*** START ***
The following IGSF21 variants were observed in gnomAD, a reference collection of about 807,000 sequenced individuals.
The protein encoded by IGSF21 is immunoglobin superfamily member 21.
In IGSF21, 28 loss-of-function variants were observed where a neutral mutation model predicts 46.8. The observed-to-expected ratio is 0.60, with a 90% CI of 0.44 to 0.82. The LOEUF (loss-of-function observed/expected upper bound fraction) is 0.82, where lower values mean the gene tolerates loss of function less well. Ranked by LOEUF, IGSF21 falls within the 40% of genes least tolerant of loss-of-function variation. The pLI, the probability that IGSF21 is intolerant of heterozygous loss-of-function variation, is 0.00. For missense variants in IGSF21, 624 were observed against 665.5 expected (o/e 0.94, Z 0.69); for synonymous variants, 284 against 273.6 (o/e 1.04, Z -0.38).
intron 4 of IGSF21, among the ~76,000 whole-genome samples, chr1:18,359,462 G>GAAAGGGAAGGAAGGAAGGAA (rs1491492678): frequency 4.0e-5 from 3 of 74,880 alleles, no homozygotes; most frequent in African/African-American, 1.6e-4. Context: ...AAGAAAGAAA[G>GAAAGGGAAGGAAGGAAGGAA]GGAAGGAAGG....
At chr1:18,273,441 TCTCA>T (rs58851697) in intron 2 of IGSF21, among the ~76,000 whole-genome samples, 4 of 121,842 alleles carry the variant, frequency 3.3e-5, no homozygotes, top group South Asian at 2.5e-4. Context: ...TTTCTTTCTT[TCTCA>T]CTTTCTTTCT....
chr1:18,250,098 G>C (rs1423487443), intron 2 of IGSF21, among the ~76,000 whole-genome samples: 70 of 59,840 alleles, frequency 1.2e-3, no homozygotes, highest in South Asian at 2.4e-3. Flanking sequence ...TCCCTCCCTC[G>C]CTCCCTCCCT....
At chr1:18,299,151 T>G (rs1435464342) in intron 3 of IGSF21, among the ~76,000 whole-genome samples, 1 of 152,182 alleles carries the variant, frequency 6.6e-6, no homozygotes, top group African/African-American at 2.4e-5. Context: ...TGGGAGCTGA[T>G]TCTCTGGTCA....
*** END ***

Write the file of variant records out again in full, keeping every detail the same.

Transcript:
The following IGSF21 variants were observed in gnomAD, a reference collection of about 807,000 sequenced individuals.
The protein encoded by IGSF21 is immunoglobin superfamily member 21.
In IGSF21, 28 loss-of-function variants were observed where a neutral mutation model predicts 46.8. The observed-to-expected ratio is 0.60, with a 90% CI of 0.44 to 0.82. The LOEUF (loss-of-function observed/expected upper bound fraction) is 0.82, where lower values mean the gene tolerates loss of function less well. Ranked by LOEUF, IGSF21 falls within the 40% of genes least tolerant of loss-of-function variation. The pLI, the probability that IGSF21 is intolerant of heterozygous loss-of-function variation, is 0.00. For missense variants in IGSF21, 624 were observed against 665.5 expected (o/e 0.94, Z 0.69); for synonymous variants, 284 against 273.6 (o/e 1.04, Z -0.38).
intron 4 of IGSF21, among the ~76,000 whole-genome samples, chr1:18,359,462 G>GAAAGGGAAGGAAGGAAGGAA (rs1491492678): frequency 4.0e-5 from 3 of 74,880 alleles, no homozygotes; most frequent in African/African-American, 1.6e-4. Context: ...AAGAAAGAAA[G>GAAAGGGAAGGAAGGAAGGAA]GGAAGGAAGG....
At chr1:18,273,441 TCTCA>T (rs58851697) in intron 2 of IGSF21, among the ~76,000 whole-genome samples, 4 of 121,842 alleles carry the variant, frequency 3.3e-5, no homozygotes, top group South Asian at 2.5e-4. Context: ...TTTCTTTCTT[TCTCA>T]CTTTCTTTCT....
chr1:18,250,098 G>C (rs1423487443), intron 2 of IGSF21, among the ~76,000 whole-genome samples: 70 of 59,840 alleles, frequency 1.2e-3, no homozygotes, highest in South Asian at 2.4e-3. Flanking sequence ...TCCCTCCCTC[G>C]CTCCCTCCCT....
At chr1:18,299,151 T>G (rs1435464342) in intron 3 of IGSF21, among the ~76,000 whole-genome samples, 1 of 152,182 alleles carries the variant, frequency 6.6e-6, no homozygotes, top group African/African-American at 2.4e-5. Context: ...TGGGAGCTGA[T>G]TCTCTGGTCA....